Now, we have all heard these statistics, and shaken our heads in dismay at the offensive wealth displayed by so few.  But when we get past the figures what really shocks us is that we are in the top 1 percent. To be in the top percent, to be among the richest people in this entire globe, one simply needs a household income similar to ours.  This suggests that Jesus is speaking about (most of) us as he speaks about the scribes, not as he speaks of the widow” (BQuick 2003/ <www.bethquick.com>).

I was trolling through stuff on my phone the other day when I came across a video report posted by Action Station Aotearoa claiming we have a justice system that is broken because it fails to ask the hard questions about systemic issues like colonization and its underlying effect on the numbers and ethnicities of those in prisons. It claims this because of the list of countries which have the most indigenous people in prisons and these countries are all countries that have been colonized. And by that I think it is meant not those who have been subject to historic movements of people migrating but those countries that have in their history a clear historical period that was linked to an intentional colonization period by another more superior country. Get beyond the moral obligation and look for the systemic issue beneath. Get beyond the blame game and address the systemic issue beneath.

And let’s be clear, it is not easy to hear that we belong to a privileged grouping and when it comes to our Christian faith we are confronted with unlearning much of what we’ve been taught if we are to understand these claims. In our case it is especially hard to hear that the destruction of the way we have been brought up on the Bible stories needs to be relearned. It is hard for us to understand that to change our thinking is an exciting and challenging experience. That sharing in that experience with a group of equally open-minded people is a positive and empowering and liberating experience. Get beyond the moral obligation and look for the systemic issue beneath. Look beyond the injustice faced by the widow and see why widows find themselves among the poor, look beyond the Maori of Pacific Islander in prison and see why they number among the most incarcerated.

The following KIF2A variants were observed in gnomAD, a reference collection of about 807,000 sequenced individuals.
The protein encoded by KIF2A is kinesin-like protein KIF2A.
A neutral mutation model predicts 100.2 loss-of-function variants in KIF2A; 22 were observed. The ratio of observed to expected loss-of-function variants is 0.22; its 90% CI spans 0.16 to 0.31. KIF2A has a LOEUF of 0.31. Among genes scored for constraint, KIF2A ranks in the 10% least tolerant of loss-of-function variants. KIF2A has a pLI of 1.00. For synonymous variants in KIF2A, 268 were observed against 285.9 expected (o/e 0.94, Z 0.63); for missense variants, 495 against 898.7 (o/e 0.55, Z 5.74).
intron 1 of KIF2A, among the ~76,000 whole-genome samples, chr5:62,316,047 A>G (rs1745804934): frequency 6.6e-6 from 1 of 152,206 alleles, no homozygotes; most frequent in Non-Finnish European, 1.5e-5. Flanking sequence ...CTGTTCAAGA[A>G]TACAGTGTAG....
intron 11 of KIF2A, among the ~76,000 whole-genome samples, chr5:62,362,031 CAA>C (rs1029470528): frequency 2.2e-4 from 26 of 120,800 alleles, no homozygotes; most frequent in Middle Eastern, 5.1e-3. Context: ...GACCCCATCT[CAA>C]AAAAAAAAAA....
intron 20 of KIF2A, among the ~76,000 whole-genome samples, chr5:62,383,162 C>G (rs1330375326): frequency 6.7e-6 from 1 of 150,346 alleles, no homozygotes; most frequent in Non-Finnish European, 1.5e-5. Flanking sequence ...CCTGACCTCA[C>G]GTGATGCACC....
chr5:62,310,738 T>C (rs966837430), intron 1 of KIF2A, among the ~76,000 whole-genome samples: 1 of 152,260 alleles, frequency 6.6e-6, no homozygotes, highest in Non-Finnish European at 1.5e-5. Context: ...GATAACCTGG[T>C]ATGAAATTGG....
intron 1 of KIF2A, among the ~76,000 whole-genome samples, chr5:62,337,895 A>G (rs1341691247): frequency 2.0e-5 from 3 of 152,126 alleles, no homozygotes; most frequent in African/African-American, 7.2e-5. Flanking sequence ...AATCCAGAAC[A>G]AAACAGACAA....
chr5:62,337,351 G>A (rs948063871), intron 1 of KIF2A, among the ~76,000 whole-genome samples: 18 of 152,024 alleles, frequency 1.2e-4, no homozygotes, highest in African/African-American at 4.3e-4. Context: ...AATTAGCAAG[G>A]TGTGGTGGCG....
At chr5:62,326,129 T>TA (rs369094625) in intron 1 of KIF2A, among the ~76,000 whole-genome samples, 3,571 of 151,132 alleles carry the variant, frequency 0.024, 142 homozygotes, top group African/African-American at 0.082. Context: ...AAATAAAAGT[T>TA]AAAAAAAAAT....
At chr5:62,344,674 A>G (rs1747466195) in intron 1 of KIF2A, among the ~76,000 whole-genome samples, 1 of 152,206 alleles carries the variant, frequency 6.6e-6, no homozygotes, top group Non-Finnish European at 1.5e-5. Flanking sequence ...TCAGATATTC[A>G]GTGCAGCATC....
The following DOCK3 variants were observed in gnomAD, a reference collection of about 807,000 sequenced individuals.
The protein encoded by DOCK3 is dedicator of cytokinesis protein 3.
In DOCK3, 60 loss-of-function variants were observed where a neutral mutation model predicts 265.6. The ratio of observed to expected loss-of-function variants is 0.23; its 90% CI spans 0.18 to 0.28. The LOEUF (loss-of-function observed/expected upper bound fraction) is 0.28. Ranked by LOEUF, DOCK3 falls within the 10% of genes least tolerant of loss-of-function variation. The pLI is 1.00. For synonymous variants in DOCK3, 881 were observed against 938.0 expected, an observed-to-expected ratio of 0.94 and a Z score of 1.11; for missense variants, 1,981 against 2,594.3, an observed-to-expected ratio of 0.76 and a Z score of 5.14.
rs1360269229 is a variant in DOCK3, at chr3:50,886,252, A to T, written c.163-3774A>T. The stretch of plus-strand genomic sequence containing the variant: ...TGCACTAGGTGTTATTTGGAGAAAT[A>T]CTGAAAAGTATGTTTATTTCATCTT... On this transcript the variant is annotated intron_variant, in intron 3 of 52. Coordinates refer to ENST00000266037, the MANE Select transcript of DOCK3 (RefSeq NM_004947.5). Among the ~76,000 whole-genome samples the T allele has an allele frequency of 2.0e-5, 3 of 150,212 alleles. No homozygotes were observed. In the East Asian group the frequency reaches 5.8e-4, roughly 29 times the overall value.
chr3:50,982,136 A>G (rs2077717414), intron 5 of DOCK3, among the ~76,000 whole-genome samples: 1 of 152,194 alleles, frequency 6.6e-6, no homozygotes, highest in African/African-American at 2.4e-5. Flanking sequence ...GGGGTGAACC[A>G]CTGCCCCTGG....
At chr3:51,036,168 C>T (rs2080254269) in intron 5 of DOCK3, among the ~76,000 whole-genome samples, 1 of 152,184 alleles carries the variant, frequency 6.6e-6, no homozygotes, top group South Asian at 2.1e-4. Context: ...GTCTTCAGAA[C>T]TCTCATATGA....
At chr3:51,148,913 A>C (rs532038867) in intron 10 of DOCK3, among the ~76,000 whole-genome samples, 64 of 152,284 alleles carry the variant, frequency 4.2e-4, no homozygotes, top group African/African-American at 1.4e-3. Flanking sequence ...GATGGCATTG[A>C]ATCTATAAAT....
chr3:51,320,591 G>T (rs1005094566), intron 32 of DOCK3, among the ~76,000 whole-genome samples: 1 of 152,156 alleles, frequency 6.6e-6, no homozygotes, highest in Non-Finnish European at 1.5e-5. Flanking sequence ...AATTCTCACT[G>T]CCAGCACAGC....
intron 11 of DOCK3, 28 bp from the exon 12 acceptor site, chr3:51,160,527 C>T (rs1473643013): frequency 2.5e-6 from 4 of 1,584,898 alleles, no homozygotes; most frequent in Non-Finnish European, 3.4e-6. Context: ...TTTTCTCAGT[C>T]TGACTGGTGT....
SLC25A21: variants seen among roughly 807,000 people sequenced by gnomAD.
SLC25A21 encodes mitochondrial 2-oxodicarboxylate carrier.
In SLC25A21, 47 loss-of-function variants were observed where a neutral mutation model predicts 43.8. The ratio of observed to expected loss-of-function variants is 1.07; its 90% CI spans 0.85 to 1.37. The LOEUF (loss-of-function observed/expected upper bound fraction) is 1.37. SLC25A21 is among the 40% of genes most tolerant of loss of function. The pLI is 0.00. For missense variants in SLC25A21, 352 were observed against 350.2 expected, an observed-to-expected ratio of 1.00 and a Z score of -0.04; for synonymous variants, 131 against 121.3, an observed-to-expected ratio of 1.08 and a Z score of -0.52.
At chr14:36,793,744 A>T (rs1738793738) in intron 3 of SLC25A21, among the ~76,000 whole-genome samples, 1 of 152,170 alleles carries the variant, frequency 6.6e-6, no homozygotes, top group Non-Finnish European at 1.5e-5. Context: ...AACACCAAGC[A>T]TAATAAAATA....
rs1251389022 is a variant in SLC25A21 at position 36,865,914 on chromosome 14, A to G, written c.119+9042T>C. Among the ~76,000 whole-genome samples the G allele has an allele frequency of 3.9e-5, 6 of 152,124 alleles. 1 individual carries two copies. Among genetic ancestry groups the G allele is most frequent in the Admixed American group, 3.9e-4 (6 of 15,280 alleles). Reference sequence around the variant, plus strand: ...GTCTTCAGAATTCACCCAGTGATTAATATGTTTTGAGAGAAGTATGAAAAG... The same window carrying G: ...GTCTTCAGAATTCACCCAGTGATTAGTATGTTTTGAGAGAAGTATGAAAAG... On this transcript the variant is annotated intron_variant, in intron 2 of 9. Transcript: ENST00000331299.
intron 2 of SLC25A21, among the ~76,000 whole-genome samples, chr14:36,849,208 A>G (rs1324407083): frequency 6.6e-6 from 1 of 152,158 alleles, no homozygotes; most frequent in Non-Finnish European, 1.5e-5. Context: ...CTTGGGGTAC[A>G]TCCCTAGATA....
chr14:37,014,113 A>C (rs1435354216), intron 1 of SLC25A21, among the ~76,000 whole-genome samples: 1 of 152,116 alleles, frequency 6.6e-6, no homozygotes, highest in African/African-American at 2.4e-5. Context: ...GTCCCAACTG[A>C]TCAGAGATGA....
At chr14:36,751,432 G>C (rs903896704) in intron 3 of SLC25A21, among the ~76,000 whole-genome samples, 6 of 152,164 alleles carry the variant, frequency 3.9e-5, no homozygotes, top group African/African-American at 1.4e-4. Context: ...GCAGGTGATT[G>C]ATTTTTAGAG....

Get beyond the moral obligation as one of the few privileged and see the system at work beneath.

As challenging as it can be to suggest that for years we have got it wrong, or missed the point, we have much to gain when we approach even the most familiar biblical stories as if we’ve never heard them before. We are called to • Probe for fresh aspects. • Listen for new voices, including the silent voices. • and be surprised. This is what is known as separating the ‘gospel’ of Jesus from the gospel’s Jesus! See the agenda in the text so as to find the real story so to speak. This is why self-awareness is so important. This is why awareness of the big picture is so important. That’s the journey the Spongs and the Scotts and the Funks and the Herzogs of our day are calling us to share in. To take a lead in. To empower people to shape a new and open and honest theology and spirituality for a different, post-modern world. One where fewer people find themselves in prisons, where fewer people are among the widows because of culture, and if any congregation can do that, this congregation can! And continue to do it well! And I can’t resist the opportunity to suggest that our attempt as a private Christian school was and is an attempt to tell the bible stories beyond the moral obligation, beyond the bias of the elite and the privileged that we are. An attempt to empower people to shape a new and open and honest theology and spirituality for a different and new world. Amen.


Cairns, I. J. 2004. Mark of a Non-realist. A Contemporary Reading of the Second Gospel. Masterton: Fraser Books.